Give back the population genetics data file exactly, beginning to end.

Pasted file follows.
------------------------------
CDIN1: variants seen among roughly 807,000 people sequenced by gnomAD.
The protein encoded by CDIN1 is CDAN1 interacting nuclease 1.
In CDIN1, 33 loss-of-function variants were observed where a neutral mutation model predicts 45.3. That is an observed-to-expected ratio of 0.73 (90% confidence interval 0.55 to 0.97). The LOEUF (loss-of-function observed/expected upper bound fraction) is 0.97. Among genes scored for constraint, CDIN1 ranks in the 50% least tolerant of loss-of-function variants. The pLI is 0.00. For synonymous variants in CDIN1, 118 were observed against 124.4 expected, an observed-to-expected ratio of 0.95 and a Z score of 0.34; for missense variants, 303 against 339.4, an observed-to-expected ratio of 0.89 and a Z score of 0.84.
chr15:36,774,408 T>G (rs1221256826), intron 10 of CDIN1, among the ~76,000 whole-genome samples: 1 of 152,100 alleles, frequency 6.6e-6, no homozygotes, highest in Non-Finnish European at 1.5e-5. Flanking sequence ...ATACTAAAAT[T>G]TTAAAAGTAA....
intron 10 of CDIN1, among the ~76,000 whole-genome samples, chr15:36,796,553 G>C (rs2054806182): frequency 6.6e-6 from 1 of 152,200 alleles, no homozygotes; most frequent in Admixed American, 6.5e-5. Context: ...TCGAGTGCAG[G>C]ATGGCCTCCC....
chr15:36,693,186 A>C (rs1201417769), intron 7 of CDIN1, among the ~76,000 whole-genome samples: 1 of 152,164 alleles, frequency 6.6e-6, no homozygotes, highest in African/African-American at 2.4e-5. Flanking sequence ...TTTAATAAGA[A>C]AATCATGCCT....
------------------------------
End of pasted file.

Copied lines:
CDIN1: variants seen among roughly 807,000 people sequenced by gnomAD.
The protein encoded by CDIN1 is CDAN1 interacting nuclease 1.
In CDIN1, 33 loss-of-function variants were observed where a neutral mutation model predicts 45.3. That is an observed-to-expected ratio of 0.73 (90% confidence interval 0.55 to 0.97). The LOEUF (loss-of-function observed/expected upper bound fraction) is 0.97. Among genes scored for constraint, CDIN1 ranks in the 50% least tolerant of loss-of-function variants. The pLI is 0.00. For synonymous variants in CDIN1, 118 were observed against 124.4 expected, an observed-to-expected ratio of 0.95 and a Z score of 0.34; for missense variants, 303 against 339.4, an observed-to-expected ratio of 0.89 and a Z score of 0.84.
chr15:36,774,408 T>G (rs1221256826), intron 10 of CDIN1, among the ~76,000 whole-genome samples: 1 of 152,100 alleles, frequency 6.6e-6, no homozygotes, highest in Non-Finnish European at 1.5e-5. Flanking sequence ...ATACTAAAAT[T>G]TTAAAAGTAA....
intron 10 of CDIN1, among the ~76,000 whole-genome samples, chr15:36,796,553 G>C (rs2054806182): frequency 6.6e-6 from 1 of 152,200 alleles, no homozygotes; most frequent in Admixed American, 6.5e-5. Context: ...TCGAGTGCAG[G>C]ATGGCCTCCC....
chr15:36,693,186 A>C (rs1201417769), intron 7 of CDIN1, among the ~76,000 whole-genome samples: 1 of 152,164 alleles, frequency 6.6e-6, no homozygotes, highest in African/African-American at 2.4e-5. Flanking sequence ...TTTAATAAGA[A>C]AATCATGCCT....